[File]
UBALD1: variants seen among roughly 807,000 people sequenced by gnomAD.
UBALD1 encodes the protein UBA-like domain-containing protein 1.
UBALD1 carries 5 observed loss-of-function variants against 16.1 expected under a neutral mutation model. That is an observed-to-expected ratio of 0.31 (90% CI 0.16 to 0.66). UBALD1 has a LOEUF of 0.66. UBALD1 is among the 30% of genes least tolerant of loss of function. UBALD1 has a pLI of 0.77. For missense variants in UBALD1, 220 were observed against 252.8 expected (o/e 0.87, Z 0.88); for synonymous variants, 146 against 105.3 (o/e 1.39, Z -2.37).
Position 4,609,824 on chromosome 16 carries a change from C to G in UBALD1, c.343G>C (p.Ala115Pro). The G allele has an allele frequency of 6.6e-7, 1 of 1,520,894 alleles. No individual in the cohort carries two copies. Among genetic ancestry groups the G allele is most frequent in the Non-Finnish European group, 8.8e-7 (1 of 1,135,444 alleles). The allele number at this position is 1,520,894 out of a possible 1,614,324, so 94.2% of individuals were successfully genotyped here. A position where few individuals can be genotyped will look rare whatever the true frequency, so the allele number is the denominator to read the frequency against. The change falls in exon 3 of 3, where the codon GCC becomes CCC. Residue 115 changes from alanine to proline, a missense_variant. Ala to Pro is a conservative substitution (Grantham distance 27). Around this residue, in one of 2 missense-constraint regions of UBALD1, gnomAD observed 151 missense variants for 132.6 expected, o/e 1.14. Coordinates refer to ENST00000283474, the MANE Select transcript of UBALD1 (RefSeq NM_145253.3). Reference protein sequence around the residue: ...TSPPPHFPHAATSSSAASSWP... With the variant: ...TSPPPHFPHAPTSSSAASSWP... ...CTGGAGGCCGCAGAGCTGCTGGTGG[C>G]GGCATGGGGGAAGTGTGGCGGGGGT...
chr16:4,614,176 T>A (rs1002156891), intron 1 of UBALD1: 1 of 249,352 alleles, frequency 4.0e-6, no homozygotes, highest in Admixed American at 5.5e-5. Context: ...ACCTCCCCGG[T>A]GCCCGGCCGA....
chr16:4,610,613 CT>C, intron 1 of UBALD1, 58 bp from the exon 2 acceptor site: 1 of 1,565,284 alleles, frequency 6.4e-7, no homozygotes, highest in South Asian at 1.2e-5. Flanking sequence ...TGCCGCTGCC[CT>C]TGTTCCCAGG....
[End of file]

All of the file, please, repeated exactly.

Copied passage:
UBALD1: variants seen among roughly 807,000 people sequenced by gnomAD.
UBALD1 encodes the protein UBA-like domain-containing protein 1.
UBALD1 carries 5 observed loss-of-function variants against 16.1 expected under a neutral mutation model. That is an observed-to-expected ratio of 0.31 (90% CI 0.16 to 0.66). UBALD1 has a LOEUF of 0.66. UBALD1 is among the 30% of genes least tolerant of loss of function. UBALD1 has a pLI of 0.77. For missense variants in UBALD1, 220 were observed against 252.8 expected (o/e 0.87, Z 0.88); for synonymous variants, 146 against 105.3 (o/e 1.39, Z -2.37).
Position 4,609,824 on chromosome 16 carries a change from C to G in UBALD1, c.343G>C (p.Ala115Pro). The G allele has an allele frequency of 6.6e-7, 1 of 1,520,894 alleles. No individual in the cohort carries two copies. Among genetic ancestry groups the G allele is most frequent in the Non-Finnish European group, 8.8e-7 (1 of 1,135,444 alleles). The allele number at this position is 1,520,894 out of a possible 1,614,324, so 94.2% of individuals were successfully genotyped here. A position where few individuals can be genotyped will look rare whatever the true frequency, so the allele number is the denominator to read the frequency against. The change falls in exon 3 of 3, where the codon GCC becomes CCC. Residue 115 changes from alanine to proline, a missense_variant. Ala to Pro is a conservative substitution (Grantham distance 27). Around this residue, in one of 2 missense-constraint regions of UBALD1, gnomAD observed 151 missense variants for 132.6 expected, o/e 1.14. Coordinates refer to ENST00000283474, the MANE Select transcript of UBALD1 (RefSeq NM_145253.3). Reference protein sequence around the residue: ...TSPPPHFPHAATSSSAASSWP... With the variant: ...TSPPPHFPHAPTSSSAASSWP... ...CTGGAGGCCGCAGAGCTGCTGGTGG[C>G]GGCATGGGGGAAGTGTGGCGGGGGT...
chr16:4,614,176 T>A (rs1002156891), intron 1 of UBALD1: 1 of 249,352 alleles, frequency 4.0e-6, no homozygotes, highest in Admixed American at 5.5e-5. Context: ...ACCTCCCCGG[T>A]GCCCGGCCGA....
chr16:4,610,613 CT>C, intron 1 of UBALD1, 58 bp from the exon 2 acceptor site: 1 of 1,565,284 alleles, frequency 6.4e-7, no homozygotes, highest in South Asian at 1.2e-5. Flanking sequence ...TGCCGCTGCC[CT>C]TGTTCCCAGG....